Children who struggle with attendance, he said, can feel like a nuisance to a teacher who isn’t thinking about how a housing crisis impedes learning. If a teacher is on a rant about a student’s attendance, Martinez replies, “Well what have you done?”
“What do you mean?” they often say back, he said. “I’m the teacher.”
“Yes, you are the teacher,” he will say. “Do you know what’s going on with the parents?”
“Do you know where they live?”
Those moments, Martinez said, are an opportunity.
He said he loves Mobility Blueprint and it’s a hit with parents. He has seen parents use information from the website about rents in their area as leverage with landlords to lessen a rent increase that would force them to move.
Brittany Capps, graduation coach at Bertha Sadler Means Young Women’s Leadership Academy, a public middle school for girls, said the ability for schools to be involved on the front-end of a move can reduces educational gaps. It cuts out time a family might spend apartment hunting or learning time a kid might lose due to a rocky move.
"Before they had nobody to go to and nobody to talk to,” said Christina Almaraz Ortiz, principal at Sadler Means. “We have met a lot of families that this is not how they want to raise their families. It’s not a situation they thought they were ever going to be in. This is about income. To us it’s concerning because how does that make our families feel? They feel inadequate. They feel like horrible parents.”
As children are pushed out of Oregon’s largest school district, one of the places they land is the David Douglas school district in Southeast Portland. While rents in the area have shot up 30 percent on average over the past three years, according to Zillow, they are still some of the lowest in the city, averaging $1,600.
Earl Boyles Elementary, at the western edge of the district, is unique in that it has a housing advocate. Josué Peña-Juárez can dispense limited housing assistance funds, goes to eviction court if need be and counsels families on how to handle housing problems.
He echoes the importance of what many in Austin notice: That that educators should be aware a housing crisis can manifest in children in ways that aren’t always clear. That families in crisis-mode need help to stay within the school zone if possible. That as the housing crisis worsens, families are going to continue to be pushed out.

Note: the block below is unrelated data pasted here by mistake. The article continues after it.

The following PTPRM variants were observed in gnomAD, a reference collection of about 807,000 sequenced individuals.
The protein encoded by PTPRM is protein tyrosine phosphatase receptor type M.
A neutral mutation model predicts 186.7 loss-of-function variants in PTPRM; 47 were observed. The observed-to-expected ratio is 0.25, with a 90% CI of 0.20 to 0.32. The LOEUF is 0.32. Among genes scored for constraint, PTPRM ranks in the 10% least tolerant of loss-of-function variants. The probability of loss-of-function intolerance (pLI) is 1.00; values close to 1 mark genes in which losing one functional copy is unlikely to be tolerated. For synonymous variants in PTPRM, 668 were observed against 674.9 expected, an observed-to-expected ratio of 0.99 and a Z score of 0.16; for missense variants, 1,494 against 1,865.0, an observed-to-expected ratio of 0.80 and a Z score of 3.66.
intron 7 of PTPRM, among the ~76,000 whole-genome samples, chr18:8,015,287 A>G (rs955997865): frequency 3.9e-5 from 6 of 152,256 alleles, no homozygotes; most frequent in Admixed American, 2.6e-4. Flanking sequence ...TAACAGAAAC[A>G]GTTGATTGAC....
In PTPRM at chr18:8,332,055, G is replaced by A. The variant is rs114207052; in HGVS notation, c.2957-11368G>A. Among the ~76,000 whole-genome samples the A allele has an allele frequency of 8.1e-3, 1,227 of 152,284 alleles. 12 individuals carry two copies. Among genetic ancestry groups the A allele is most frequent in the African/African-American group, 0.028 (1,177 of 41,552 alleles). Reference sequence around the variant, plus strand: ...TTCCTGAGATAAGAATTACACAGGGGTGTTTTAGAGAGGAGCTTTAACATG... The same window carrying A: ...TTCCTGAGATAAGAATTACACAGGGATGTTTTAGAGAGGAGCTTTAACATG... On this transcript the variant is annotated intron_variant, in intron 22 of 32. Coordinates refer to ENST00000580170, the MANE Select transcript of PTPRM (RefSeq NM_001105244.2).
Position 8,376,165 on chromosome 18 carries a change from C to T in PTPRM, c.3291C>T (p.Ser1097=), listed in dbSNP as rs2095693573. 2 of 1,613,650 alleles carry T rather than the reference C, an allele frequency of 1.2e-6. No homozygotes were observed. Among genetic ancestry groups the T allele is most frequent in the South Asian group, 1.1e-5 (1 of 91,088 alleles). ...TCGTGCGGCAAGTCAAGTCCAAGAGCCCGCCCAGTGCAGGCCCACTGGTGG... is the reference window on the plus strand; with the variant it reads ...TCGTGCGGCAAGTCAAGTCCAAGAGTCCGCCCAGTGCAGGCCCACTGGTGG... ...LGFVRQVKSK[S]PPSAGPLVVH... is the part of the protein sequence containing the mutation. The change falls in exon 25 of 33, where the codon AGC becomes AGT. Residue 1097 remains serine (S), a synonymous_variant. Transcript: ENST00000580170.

A child who looks like troublemaker, Peña-Juárez said, might just be a child experiencing housing instability. A child who’s rude or abrasive could be a child uncertain where he or she will live next week.
One child, for example, couldn’t stay awake in class. Before the school was attuned to housing instability and its effects, teachers might have punished the child or shamed the parents, which would have only made things worse.
As it turned out, the child was tired because every night he and his family had to sneak back into an apartment they shared with another family. Only one family was allowed on the lease and it was necessary to stay away until midnight to avoid being seen by the landlord, Peña-Juárez said.
Eventually, they got caught. Peña-Juárez went to eviction court and helped them avoid a judgment on their record. He also worked with them to find stable housing, which took a year.
Peña-Juárez also worries about families who are forced to accept living conditions that are unclean and unsafe.
“Where we are, a roof is a roof, unfortunately,” he said. “It might not be the best roof, but it's a roof.”
Families ask him how they can buy a home to avoid being jerked around by unpredictable landlords. Mostly he imparts bad news: It’s hard and probably not an option.
And even keeping families in the David Douglas district is difficult.
"I don’t think most of our families ever thought it would get like this here because our neighborhood and our streets, they don't even have sidewalks,” Peña-Juárez said. Still, families are finding themselves priced out.
There’s a lack of centralized information, he said. Parents will find a less expensive apartment they think must be in the school zone because it’s close, he said, but unknowingly have chosen an apartment zoned for a different school.
It’s hard to stay abreast of current apartment rates and, even if he did keep a list, apartments often change owners, making them hard to track, he said. When parents ask where the affordable housing is, he said, the answer is often not in the school zone or even school district.
"What does it mean if I'm trying to house someone and (they end up) way out of district?" Peña-Juárez said. "What's the point if we can't have our families stay here year to year?"
In Austin, it’s too early to tell if Valdez’s efforts are going to work. Mobility Blueprint just rolled out this year to all 130 of the Texas district’s schools. Feedback so far has been positive. Anecdotally, staffers and parents say they feel better equipped in the face of rising rents.
Valdez says Mobility Blueprint is tracking how often the site is used and in what zip codes. As of November, users have been able to input more data about themselves to aid in their searches. That will allow the district to learn more about mobile families and their housing needs.
Cruz, the superintendent, is hopeful it will help the district minimize the loss of instructional time when students move.
“It’s always been an issue,” he said. “It was just something there was no solution for.”
[This story was originally published by The Oregonian.]